Estudios Tenochtitlán’s stock certificate: the surviving artifact of a failed venture.

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In this occasion, we feature an uncommon artifact: a stamped stock certificate of ‘Estudios Cinematográficos Tenochtitlán, S. A.’, film studios that should have been established in Mexico City; however, they never saw the light of day.

The company was founded by Luis Dickson and R. Ramírez, manager and treasurer, respectively.  The shares were released on March 30, 1933.  Nicolás Tortolero y Vallejo, well known attorney based in Mexico City, was in charge of incorporating ‘Estudios Cinematográficos Tenochtitlán’.

The corporate capital was set at two million Mexican pesos (about $600,000 USD), and 200,000 shares were released.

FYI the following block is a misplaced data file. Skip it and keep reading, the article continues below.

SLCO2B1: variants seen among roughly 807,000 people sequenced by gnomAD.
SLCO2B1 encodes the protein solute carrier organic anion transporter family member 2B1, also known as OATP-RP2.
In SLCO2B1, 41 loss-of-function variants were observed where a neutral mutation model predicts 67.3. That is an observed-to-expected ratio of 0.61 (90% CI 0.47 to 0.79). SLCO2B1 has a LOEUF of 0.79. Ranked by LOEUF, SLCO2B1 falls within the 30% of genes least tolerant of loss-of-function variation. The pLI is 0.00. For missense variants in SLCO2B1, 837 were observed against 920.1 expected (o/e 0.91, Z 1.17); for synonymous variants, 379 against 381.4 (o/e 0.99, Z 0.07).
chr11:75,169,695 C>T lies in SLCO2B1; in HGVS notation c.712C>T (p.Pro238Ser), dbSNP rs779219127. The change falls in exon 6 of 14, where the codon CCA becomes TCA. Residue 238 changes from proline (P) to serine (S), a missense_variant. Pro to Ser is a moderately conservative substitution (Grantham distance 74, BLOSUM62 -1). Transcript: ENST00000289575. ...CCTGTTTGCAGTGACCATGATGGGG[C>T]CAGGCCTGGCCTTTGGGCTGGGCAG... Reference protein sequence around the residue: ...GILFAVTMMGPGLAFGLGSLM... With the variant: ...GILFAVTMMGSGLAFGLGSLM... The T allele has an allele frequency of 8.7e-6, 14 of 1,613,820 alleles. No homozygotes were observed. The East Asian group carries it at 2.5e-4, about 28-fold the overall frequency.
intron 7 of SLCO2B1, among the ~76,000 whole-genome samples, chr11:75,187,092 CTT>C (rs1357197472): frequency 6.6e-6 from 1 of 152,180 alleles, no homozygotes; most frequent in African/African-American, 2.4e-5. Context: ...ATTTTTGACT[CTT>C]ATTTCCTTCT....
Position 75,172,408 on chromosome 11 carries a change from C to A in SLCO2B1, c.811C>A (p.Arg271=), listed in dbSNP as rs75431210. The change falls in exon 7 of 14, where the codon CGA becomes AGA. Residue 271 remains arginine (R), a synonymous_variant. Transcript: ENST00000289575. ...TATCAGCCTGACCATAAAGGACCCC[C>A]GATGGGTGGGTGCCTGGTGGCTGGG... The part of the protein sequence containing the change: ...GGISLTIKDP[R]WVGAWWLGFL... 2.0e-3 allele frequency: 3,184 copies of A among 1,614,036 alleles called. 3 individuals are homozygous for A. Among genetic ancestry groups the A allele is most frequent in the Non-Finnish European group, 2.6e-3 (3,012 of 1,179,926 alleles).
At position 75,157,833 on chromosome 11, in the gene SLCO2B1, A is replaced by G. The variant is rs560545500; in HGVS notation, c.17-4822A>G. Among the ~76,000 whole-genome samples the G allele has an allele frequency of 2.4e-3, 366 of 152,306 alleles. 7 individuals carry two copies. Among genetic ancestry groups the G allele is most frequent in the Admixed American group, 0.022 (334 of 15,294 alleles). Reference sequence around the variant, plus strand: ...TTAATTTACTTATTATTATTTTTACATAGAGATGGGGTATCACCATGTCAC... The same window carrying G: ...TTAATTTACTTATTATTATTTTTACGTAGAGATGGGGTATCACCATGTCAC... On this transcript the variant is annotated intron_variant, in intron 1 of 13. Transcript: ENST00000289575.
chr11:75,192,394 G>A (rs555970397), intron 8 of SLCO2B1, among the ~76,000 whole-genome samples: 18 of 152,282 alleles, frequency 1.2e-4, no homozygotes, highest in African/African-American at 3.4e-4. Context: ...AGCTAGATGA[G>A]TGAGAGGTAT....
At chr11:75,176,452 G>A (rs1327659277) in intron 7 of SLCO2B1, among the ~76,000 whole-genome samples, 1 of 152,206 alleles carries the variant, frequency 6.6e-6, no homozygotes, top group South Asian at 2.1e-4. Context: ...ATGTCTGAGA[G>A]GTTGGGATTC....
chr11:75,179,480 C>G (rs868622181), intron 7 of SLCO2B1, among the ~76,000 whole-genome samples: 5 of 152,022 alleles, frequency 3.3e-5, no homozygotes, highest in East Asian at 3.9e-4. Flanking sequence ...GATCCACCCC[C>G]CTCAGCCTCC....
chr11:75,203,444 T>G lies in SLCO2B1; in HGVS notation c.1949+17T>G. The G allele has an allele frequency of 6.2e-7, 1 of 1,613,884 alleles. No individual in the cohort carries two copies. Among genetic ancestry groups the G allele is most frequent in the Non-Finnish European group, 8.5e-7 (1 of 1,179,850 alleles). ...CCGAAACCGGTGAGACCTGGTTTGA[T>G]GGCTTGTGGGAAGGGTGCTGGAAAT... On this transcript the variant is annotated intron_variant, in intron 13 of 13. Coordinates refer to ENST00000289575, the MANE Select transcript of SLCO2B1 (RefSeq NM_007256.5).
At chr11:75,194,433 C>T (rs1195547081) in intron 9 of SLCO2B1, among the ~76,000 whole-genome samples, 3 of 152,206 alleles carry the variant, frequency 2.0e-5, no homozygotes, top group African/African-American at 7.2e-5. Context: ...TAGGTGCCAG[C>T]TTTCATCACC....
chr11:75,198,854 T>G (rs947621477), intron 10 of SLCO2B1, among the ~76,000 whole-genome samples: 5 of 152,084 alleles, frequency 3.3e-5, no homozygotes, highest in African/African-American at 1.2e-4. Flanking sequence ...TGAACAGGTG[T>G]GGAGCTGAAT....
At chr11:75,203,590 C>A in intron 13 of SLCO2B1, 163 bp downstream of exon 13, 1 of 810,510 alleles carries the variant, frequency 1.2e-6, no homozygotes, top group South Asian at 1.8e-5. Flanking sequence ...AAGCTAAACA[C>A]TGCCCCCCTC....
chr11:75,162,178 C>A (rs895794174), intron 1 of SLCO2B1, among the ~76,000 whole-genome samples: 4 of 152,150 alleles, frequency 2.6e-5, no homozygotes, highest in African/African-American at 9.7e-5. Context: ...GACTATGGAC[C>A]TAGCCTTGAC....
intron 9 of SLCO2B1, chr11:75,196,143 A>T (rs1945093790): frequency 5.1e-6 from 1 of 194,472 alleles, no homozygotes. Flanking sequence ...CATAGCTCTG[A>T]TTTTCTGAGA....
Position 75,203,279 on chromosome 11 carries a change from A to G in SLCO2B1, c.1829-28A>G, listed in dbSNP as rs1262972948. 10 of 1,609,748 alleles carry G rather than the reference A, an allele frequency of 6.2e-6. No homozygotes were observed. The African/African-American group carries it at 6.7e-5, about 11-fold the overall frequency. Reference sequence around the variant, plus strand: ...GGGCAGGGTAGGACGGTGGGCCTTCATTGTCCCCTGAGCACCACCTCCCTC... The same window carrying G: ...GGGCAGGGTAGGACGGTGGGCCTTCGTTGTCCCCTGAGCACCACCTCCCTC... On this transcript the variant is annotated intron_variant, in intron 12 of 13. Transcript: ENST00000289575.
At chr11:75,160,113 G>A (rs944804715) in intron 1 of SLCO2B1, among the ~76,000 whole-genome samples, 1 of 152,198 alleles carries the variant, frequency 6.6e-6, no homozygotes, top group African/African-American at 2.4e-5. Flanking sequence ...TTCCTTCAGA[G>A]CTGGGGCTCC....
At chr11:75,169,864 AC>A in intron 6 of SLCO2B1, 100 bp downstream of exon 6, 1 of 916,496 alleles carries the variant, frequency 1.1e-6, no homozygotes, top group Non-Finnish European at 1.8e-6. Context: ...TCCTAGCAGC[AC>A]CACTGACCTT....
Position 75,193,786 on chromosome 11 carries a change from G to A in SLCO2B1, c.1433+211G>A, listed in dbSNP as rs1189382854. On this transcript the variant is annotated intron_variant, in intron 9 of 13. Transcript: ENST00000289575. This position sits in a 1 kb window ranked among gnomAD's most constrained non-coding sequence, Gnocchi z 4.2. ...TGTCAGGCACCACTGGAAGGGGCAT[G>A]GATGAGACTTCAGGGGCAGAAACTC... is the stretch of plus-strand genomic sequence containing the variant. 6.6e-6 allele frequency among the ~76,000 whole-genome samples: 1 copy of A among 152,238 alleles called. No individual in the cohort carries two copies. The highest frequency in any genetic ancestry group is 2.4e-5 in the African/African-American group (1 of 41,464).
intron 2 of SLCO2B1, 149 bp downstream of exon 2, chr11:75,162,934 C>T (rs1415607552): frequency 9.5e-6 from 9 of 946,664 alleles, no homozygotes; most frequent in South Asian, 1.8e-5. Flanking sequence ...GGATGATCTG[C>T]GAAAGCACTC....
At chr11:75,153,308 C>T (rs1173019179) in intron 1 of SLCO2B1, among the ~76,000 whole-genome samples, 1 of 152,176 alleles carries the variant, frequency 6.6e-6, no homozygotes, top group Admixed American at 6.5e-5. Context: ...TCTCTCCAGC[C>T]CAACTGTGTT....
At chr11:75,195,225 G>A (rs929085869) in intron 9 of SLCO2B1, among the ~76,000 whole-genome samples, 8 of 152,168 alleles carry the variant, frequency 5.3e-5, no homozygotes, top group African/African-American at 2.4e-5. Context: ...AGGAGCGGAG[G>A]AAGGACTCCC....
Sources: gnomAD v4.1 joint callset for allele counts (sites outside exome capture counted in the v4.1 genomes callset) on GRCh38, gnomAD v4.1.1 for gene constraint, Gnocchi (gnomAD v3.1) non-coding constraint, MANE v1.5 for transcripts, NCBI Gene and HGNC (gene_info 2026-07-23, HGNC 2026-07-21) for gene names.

Though both the stock certificate and the matter of a failed corporation project can be of little historical significance in themselves, they are a good example of a trend that beleaguered the nascent Mexican film industry in the early thirties: the surfacing of numerous schemes for establishing film studios in the capital, as well as in other cities. Some of those projects were genuine enough; unfortunately, most of them were abounding in hope as much as wanting in funds; conversely, others were meant to rip off investors.

Newspapers and film magazines often reported affairs of the sort; anyway, we have not been able to find any reference about ‘Estudios Cinematográficos Tenochtitlán’. Luis Dickson and R. Ramírez are not mentioned either.